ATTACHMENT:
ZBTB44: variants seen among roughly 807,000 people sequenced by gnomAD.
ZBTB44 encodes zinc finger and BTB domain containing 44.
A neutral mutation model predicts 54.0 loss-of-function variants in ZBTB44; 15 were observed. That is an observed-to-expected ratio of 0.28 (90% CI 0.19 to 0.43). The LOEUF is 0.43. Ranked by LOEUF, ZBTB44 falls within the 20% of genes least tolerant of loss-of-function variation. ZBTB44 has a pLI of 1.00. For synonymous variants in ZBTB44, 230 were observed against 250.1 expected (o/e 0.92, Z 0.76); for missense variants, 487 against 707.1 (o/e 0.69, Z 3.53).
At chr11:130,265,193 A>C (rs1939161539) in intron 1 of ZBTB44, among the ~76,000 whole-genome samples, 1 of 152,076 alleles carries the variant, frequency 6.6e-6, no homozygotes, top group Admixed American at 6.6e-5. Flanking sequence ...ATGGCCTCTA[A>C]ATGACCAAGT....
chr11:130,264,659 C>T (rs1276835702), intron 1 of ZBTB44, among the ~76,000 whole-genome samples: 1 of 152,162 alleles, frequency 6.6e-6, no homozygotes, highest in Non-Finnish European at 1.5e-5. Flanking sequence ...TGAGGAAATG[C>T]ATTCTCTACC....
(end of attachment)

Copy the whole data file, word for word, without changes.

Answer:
ZBTB44: variants seen among roughly 807,000 people sequenced by gnomAD.
ZBTB44 encodes zinc finger and BTB domain containing 44.
A neutral mutation model predicts 54.0 loss-of-function variants in ZBTB44; 15 were observed. That is an observed-to-expected ratio of 0.28 (90% CI 0.19 to 0.43). The LOEUF is 0.43. Ranked by LOEUF, ZBTB44 falls within the 20% of genes least tolerant of loss-of-function variation. ZBTB44 has a pLI of 1.00. For synonymous variants in ZBTB44, 230 were observed against 250.1 expected (o/e 0.92, Z 0.76); for missense variants, 487 against 707.1 (o/e 0.69, Z 3.53).
At chr11:130,265,193 A>C (rs1939161539) in intron 1 of ZBTB44, among the ~76,000 whole-genome samples, 1 of 152,076 alleles carries the variant, frequency 6.6e-6, no homozygotes, top group Admixed American at 6.6e-5. Flanking sequence ...ATGGCCTCTA[A>C]ATGACCAAGT....
chr11:130,264,659 C>T (rs1276835702), intron 1 of ZBTB44, among the ~76,000 whole-genome samples: 1 of 152,162 alleles, frequency 6.6e-6, no homozygotes, highest in Non-Finnish European at 1.5e-5. Flanking sequence ...TGAGGAAATG[C>T]ATTCTCTACC....